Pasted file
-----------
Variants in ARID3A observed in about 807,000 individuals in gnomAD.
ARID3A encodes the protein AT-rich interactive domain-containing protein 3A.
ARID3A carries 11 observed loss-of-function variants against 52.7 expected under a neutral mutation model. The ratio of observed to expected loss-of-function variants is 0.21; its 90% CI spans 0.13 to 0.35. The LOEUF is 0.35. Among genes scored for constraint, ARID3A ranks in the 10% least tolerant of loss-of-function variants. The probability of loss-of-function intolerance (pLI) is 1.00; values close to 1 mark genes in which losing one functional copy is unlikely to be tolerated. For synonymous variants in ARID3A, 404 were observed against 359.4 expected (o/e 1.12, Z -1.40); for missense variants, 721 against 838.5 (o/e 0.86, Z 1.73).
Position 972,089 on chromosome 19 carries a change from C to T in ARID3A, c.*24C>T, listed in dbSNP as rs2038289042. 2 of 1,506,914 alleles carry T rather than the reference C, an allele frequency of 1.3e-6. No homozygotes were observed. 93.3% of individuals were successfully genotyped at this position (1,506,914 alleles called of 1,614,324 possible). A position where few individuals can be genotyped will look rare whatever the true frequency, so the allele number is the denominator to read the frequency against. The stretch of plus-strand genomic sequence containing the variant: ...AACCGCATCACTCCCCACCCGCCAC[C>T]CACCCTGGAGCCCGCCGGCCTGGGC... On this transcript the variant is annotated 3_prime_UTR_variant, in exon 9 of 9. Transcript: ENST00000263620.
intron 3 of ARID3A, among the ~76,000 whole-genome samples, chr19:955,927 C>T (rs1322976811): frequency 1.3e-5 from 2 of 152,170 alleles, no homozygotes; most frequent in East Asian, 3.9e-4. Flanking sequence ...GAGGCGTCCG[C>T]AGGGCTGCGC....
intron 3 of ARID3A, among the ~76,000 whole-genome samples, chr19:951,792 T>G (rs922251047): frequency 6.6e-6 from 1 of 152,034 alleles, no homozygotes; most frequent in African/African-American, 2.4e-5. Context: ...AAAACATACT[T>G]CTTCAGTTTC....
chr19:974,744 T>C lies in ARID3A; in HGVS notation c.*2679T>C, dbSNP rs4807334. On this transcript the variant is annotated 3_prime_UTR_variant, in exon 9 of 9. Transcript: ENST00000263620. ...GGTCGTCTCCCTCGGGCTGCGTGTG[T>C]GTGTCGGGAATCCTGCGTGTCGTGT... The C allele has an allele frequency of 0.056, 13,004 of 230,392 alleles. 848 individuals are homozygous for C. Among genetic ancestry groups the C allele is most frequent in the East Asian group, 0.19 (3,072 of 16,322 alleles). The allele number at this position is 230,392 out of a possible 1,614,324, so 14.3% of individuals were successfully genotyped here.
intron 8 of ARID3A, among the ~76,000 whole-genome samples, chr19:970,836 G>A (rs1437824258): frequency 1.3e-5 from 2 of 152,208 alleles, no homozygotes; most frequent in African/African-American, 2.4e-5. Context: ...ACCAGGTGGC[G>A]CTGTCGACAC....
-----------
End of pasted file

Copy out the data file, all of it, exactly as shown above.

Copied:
Variants in ARID3A observed in about 807,000 individuals in gnomAD.
ARID3A encodes the protein AT-rich interactive domain-containing protein 3A.
ARID3A carries 11 observed loss-of-function variants against 52.7 expected under a neutral mutation model. The ratio of observed to expected loss-of-function variants is 0.21; its 90% CI spans 0.13 to 0.35. The LOEUF is 0.35. Among genes scored for constraint, ARID3A ranks in the 10% least tolerant of loss-of-function variants. The probability of loss-of-function intolerance (pLI) is 1.00; values close to 1 mark genes in which losing one functional copy is unlikely to be tolerated. For synonymous variants in ARID3A, 404 were observed against 359.4 expected (o/e 1.12, Z -1.40); for missense variants, 721 against 838.5 (o/e 0.86, Z 1.73).
Position 972,089 on chromosome 19 carries a change from C to T in ARID3A, c.*24C>T, listed in dbSNP as rs2038289042. 2 of 1,506,914 alleles carry T rather than the reference C, an allele frequency of 1.3e-6. No homozygotes were observed. 93.3% of individuals were successfully genotyped at this position (1,506,914 alleles called of 1,614,324 possible). A position where few individuals can be genotyped will look rare whatever the true frequency, so the allele number is the denominator to read the frequency against. The stretch of plus-strand genomic sequence containing the variant: ...AACCGCATCACTCCCCACCCGCCAC[C>T]CACCCTGGAGCCCGCCGGCCTGGGC... On this transcript the variant is annotated 3_prime_UTR_variant, in exon 9 of 9. Transcript: ENST00000263620.
intron 3 of ARID3A, among the ~76,000 whole-genome samples, chr19:955,927 C>T (rs1322976811): frequency 1.3e-5 from 2 of 152,170 alleles, no homozygotes; most frequent in East Asian, 3.9e-4. Flanking sequence ...GAGGCGTCCG[C>T]AGGGCTGCGC....
intron 3 of ARID3A, among the ~76,000 whole-genome samples, chr19:951,792 T>G (rs922251047): frequency 6.6e-6 from 1 of 152,034 alleles, no homozygotes; most frequent in African/African-American, 2.4e-5. Context: ...AAAACATACT[T>G]CTTCAGTTTC....
chr19:974,744 T>C lies in ARID3A; in HGVS notation c.*2679T>C, dbSNP rs4807334. On this transcript the variant is annotated 3_prime_UTR_variant, in exon 9 of 9. Transcript: ENST00000263620. ...GGTCGTCTCCCTCGGGCTGCGTGTG[T>C]GTGTCGGGAATCCTGCGTGTCGTGT... The C allele has an allele frequency of 0.056, 13,004 of 230,392 alleles. 848 individuals are homozygous for C. Among genetic ancestry groups the C allele is most frequent in the East Asian group, 0.19 (3,072 of 16,322 alleles). The allele number at this position is 230,392 out of a possible 1,614,324, so 14.3% of individuals were successfully genotyped here.
intron 8 of ARID3A, among the ~76,000 whole-genome samples, chr19:970,836 G>A (rs1437824258): frequency 1.3e-5 from 2 of 152,208 alleles, no homozygotes; most frequent in African/African-American, 2.4e-5. Context: ...ACCAGGTGGC[G>A]CTGTCGACAC....